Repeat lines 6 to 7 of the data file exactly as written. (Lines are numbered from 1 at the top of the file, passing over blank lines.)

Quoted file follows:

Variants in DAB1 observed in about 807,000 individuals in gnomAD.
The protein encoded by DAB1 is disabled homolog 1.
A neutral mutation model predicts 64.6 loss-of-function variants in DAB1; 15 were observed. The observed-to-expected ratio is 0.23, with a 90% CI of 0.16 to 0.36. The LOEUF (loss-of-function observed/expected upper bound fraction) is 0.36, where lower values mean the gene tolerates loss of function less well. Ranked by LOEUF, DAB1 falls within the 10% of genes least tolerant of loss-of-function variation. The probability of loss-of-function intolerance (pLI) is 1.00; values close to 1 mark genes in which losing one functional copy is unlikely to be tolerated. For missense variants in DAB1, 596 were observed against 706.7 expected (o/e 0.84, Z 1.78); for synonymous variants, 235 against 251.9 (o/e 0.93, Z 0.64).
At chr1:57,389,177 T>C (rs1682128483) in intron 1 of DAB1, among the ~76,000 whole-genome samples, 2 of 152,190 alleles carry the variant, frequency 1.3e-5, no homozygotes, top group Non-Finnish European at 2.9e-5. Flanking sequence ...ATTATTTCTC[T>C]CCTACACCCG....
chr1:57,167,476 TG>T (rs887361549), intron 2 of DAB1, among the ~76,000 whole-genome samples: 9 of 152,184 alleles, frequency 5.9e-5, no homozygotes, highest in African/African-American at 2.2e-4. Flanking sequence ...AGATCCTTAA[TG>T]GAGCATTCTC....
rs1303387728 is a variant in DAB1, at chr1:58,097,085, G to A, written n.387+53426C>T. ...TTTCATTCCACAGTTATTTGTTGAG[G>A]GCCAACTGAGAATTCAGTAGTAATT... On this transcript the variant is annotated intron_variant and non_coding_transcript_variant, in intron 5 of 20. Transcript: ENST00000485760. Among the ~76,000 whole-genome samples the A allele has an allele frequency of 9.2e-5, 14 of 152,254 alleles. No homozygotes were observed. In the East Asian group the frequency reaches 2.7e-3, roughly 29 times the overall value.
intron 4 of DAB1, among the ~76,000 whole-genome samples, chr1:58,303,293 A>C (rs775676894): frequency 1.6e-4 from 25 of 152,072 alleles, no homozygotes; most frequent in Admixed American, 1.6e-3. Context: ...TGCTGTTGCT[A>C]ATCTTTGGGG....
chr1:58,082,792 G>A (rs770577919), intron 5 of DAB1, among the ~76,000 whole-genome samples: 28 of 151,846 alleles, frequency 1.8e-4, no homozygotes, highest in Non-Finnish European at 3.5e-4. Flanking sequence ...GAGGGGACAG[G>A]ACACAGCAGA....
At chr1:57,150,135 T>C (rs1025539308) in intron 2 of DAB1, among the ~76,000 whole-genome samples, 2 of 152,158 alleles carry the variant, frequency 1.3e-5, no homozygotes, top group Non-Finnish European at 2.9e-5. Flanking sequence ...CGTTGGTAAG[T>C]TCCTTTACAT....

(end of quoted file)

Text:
rs1303387728 is a variant in DAB1, at chr1:58,097,085, G to A, written n.387+53426C>T. ...TTTCATTCCACAGTTATTTGTTGAG[G>A]GCCAACTGAGAATTCAGTAGTAATT... On this transcript the variant is annotated intron_variant and non_coding_transcript_variant, in intron 5 of 20. Transcript: ENST00000485760. Among the ~76,000 whole-genome samples the A allele has an allele frequency of 9.2e-5, 14 of 152,254 alleles. No homozygotes were observed. In the East Asian group the frequency reaches 2.7e-3, roughly 29 times the overall value.
intron 4 of DAB1, among the ~76,000 whole-genome samples, chr1:58,303,293 A>C (rs775676894): frequency 1.6e-4 from 25 of 152,072 alleles, no homozygotes; most frequent in Admixed American, 1.6e-3. Context: ...TGCTGTTGCT[A>C]ATCTTTGGGG....